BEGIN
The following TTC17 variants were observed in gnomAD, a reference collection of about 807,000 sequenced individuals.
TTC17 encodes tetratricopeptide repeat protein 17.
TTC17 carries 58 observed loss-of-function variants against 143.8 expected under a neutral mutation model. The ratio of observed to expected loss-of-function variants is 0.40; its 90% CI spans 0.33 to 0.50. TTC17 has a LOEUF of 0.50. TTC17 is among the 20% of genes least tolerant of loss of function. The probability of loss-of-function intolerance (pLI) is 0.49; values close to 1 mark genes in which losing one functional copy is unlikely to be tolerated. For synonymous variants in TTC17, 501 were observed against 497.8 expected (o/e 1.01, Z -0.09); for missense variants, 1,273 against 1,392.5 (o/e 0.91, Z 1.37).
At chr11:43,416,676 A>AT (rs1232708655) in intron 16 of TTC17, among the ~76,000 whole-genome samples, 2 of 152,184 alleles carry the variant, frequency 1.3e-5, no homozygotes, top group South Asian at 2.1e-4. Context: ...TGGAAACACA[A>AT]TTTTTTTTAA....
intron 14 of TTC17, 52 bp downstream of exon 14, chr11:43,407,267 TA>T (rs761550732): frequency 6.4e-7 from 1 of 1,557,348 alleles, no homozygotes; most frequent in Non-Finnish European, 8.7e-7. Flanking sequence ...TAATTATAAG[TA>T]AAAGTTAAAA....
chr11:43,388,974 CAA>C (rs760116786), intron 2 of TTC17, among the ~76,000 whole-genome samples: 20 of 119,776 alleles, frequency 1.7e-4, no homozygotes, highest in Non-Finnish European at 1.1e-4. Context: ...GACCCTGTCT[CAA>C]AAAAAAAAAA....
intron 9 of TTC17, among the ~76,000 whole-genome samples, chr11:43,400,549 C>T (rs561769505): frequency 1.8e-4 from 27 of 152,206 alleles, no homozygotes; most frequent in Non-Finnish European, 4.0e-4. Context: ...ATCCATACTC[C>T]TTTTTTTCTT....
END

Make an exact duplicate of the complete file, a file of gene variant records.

The following TTC17 variants were observed in gnomAD, a reference collection of about 807,000 sequenced individuals.
TTC17 encodes tetratricopeptide repeat protein 17.
TTC17 carries 58 observed loss-of-function variants against 143.8 expected under a neutral mutation model. The ratio of observed to expected loss-of-function variants is 0.40; its 90% CI spans 0.33 to 0.50. TTC17 has a LOEUF of 0.50. TTC17 is among the 20% of genes least tolerant of loss of function. The probability of loss-of-function intolerance (pLI) is 0.49; values close to 1 mark genes in which losing one functional copy is unlikely to be tolerated. For synonymous variants in TTC17, 501 were observed against 497.8 expected (o/e 1.01, Z -0.09); for missense variants, 1,273 against 1,392.5 (o/e 0.91, Z 1.37).
At chr11:43,416,676 A>AT (rs1232708655) in intron 16 of TTC17, among the ~76,000 whole-genome samples, 2 of 152,184 alleles carry the variant, frequency 1.3e-5, no homozygotes, top group South Asian at 2.1e-4. Context: ...TGGAAACACA[A>AT]TTTTTTTTAA....
intron 14 of TTC17, 52 bp downstream of exon 14, chr11:43,407,267 TA>T (rs761550732): frequency 6.4e-7 from 1 of 1,557,348 alleles, no homozygotes; most frequent in Non-Finnish European, 8.7e-7. Flanking sequence ...TAATTATAAG[TA>T]AAAGTTAAAA....
chr11:43,388,974 CAA>C (rs760116786), intron 2 of TTC17, among the ~76,000 whole-genome samples: 20 of 119,776 alleles, frequency 1.7e-4, no homozygotes, highest in Non-Finnish European at 1.1e-4. Context: ...GACCCTGTCT[CAA>C]AAAAAAAAAA....
intron 9 of TTC17, among the ~76,000 whole-genome samples, chr11:43,400,549 C>T (rs561769505): frequency 1.8e-4 from 27 of 152,206 alleles, no homozygotes; most frequent in Non-Finnish European, 4.0e-4. Context: ...ATCCATACTC[C>T]TTTTTTTCTT....